Welcome to your Wednesday Digest. We’re ready to celebrate Special Session Eve. Are lawmakers?
1. A change is gonna come? They promised things would be different this time — and they seemed to believe it. But as early as this week, Gov. Tim Walz will have to call legislators back into a special session to finish work on a two-year state budget, the same outcome as three of the last four budget battles in St. Paul. “I cannot change the culture single handedly, and I cannot do it overnight,” DFL House Speaker Melissa Hortman said after session adjourned at midnight Monday night with much work left on the table. In her first term as speaker after winning control from Republicans last fall, she was one of the key voices pledging a new way of doing things. The pledges started as early as January, when Hortman and Republican Senate Majority Paul Gazelka said they would quickly pass bipartisan bills that were vetoed in a blowup finale last year that they said should have never failed in the first place. A fee on drug manufacturers to pay costs of the opioid epidemic, a hands-free cell phone driving requirement and election security funding were at the top of the list. By the last day of session, only one of those bills had been signed into law. (MPR News)
2. Higher ed sees funding increase. Funding for higher education was the only budget bill state lawmakers passed before the end of the session late Monday night. For the state’s higher ed systems that means an end to the uncertainty over funding, and about $150 million in new money over the coming two years. Of the $3.4 billion pie, about 80 percent of that is split between the Minnesota State Colleges and Universities system, which takes around $1.45 billion, and the University of Minnesota system, which gets around $1.35 billion. Much of the rest goes to the state office of higher education. For the 2020-21 biennium, the $150 million increase was far less that what the systems and the state office requested. (MPR News)
3. Democrats push to revive study of mining near BWCA. U.S. Rep. Betty McCollum is firing another shot in her war with the Trump administration over a proposed copper-nickel mine on the edge of the Boundary Waters Canoe Area Wilderness in northeastern Minnesota. Legislation she plans to present Wednesday would compel the U.S. Forest Service to finish a canceled study of the mine’s potential environmental impacts on the pristine wilderness watershed. The order is part of the Interior-Environment’s $37.28 billion funding measure McCollum is slated to present to the full House Appropriations Committee Wednesday. “Until the departments address the question of whether mining, especially copper-sulfide ore mining, is appropriate on National Forest lands in the Rainy River Watershed, no action to advance mining in this area should occur,” reads a report attached to the funding legislation. The appropriations bill report directs the secretary of agriculture and the U.S. Forest Service “to reinstate and complete” an environmental study of mining near the Rainy River Watershed, which was ordered by the Obama administration but canceled after President Donald Trump took office. (Star Tribune)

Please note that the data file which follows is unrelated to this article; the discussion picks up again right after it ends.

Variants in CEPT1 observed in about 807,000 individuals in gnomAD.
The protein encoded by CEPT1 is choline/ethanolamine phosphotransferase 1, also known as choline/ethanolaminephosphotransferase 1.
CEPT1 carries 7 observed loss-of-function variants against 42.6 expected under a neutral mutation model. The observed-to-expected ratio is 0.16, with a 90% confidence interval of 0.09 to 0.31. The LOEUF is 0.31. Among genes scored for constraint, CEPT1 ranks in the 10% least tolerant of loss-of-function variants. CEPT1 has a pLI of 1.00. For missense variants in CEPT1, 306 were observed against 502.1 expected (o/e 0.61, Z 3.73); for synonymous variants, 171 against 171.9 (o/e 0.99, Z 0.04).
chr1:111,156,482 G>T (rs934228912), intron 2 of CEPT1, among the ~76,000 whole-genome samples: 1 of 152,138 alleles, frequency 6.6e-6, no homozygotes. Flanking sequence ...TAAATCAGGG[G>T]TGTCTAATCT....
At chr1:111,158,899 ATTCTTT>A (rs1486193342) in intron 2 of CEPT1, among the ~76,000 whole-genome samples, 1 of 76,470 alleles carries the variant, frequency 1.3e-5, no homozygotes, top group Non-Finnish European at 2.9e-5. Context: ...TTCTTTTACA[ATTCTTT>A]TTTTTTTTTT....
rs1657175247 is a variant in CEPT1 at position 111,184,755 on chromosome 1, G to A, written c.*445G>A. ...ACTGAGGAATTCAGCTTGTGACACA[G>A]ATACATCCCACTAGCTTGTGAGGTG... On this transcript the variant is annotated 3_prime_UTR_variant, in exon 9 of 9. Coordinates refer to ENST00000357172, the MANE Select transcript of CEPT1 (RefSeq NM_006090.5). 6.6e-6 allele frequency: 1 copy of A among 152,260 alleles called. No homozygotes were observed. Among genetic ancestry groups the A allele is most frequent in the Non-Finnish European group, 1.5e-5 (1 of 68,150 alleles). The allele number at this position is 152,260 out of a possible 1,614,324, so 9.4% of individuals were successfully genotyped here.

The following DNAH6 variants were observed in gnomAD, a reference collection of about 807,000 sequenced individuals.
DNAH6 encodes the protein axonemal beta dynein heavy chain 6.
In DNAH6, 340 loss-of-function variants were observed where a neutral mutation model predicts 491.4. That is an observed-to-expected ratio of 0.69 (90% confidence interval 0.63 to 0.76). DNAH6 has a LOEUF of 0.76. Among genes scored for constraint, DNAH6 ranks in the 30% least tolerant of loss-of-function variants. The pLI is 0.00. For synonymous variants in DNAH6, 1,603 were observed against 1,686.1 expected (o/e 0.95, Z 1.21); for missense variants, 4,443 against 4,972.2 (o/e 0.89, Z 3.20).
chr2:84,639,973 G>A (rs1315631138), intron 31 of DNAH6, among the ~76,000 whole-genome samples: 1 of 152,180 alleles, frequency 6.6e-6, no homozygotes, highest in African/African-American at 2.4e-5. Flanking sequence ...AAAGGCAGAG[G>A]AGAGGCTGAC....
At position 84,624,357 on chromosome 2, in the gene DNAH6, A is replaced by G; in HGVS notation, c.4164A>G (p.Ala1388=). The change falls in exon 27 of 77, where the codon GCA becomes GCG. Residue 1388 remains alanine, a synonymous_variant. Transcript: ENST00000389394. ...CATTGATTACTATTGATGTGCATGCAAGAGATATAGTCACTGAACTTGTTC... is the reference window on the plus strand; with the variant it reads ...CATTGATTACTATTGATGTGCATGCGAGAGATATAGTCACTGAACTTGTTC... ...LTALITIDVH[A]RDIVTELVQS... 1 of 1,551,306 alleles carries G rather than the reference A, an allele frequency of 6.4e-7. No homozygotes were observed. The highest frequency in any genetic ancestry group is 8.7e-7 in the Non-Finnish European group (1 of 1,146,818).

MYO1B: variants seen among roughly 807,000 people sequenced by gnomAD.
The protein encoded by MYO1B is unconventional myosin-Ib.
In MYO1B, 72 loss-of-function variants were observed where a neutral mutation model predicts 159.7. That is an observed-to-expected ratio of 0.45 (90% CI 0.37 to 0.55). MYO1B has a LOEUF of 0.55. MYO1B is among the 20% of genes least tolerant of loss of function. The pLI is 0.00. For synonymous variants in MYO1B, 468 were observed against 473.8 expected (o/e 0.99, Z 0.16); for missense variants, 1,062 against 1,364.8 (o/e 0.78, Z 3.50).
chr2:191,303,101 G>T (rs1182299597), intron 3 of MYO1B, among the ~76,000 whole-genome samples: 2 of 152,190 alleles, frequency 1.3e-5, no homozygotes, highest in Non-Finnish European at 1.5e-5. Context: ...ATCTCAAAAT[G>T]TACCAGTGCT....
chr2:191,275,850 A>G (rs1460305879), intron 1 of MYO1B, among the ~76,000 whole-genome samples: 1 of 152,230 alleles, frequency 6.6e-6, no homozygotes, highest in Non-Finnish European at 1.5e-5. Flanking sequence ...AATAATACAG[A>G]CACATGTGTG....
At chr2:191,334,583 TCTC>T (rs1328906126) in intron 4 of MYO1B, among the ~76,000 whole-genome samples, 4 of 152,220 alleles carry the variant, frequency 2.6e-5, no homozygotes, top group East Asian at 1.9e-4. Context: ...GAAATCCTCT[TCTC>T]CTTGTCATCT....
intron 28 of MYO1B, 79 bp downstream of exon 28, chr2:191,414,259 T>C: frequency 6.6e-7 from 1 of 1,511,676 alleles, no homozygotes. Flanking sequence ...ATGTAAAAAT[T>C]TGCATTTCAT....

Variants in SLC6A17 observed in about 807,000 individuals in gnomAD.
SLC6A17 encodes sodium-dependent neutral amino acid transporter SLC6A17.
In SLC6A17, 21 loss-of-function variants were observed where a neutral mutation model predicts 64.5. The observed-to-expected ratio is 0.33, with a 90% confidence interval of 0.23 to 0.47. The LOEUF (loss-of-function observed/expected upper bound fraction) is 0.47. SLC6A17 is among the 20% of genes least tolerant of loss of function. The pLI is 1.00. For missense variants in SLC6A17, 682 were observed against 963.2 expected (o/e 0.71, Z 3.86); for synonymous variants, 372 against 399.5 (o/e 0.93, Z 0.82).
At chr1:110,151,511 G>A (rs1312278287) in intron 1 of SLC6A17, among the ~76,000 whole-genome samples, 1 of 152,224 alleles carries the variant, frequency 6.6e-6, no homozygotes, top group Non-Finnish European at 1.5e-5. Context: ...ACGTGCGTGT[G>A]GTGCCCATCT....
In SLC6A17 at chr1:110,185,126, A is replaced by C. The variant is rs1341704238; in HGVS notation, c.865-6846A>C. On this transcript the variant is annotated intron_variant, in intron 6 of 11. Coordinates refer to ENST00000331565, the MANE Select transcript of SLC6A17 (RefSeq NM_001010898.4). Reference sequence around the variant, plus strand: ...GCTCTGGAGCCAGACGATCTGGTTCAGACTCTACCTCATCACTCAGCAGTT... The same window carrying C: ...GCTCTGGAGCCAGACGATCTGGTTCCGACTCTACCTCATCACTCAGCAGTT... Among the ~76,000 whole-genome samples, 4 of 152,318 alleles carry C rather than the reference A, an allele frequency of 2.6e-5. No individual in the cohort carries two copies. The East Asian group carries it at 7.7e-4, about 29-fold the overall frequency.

4. St. Paul schools to review skyrocketing construction costs. St. Paul Public Schools will hire outside experts to review what’s gone wrong with its Facilities Master Plan, whose cost estimates have grown by 61 percent in under three years. Superintendent Joe Gothard announced plans for an “external leadership and review team” at Tuesday night’s school board meeting. The move comes two days after a Pioneer Press report that found cost estimates for 18 high-priority school construction projects have grown by $179 million, to $471 million, since the plan first was approved in 2016. The newspaper, citing several former district employees, also raised questions about leadership and transparency within the district’s facilities departsment and lacking oversight from district administrators and the elected school board. “It is deeply concerning to have the trust of our school district questioned, and it is with every effort that I will work to build a new sense of trust to help us move forward,” Gothard said Tuesday. (Pioneer Press)
5. Minnesotans rally for abortion rights. Hundreds of people gathered on and near the Capitol steps Tuesday to support abortion rights, part of a nationwide response to laws passed in other states recently that ban nearly all abortions, or severely restrict them. “We are here because our very lives are at stake,” said Sarah Stoesz, president and CEO of Planned Parenthood Minnesota, North Dakota, South Dakota. Stoesz said she fears what will happen if those rights are rescinded. She said she remembers how women risked having unsafe abortions before the United States Supreme Court ruled nearly 50 years ago in Roe v. Wade that a women’s right to an abortion was protected by the Constitution. (MPR News)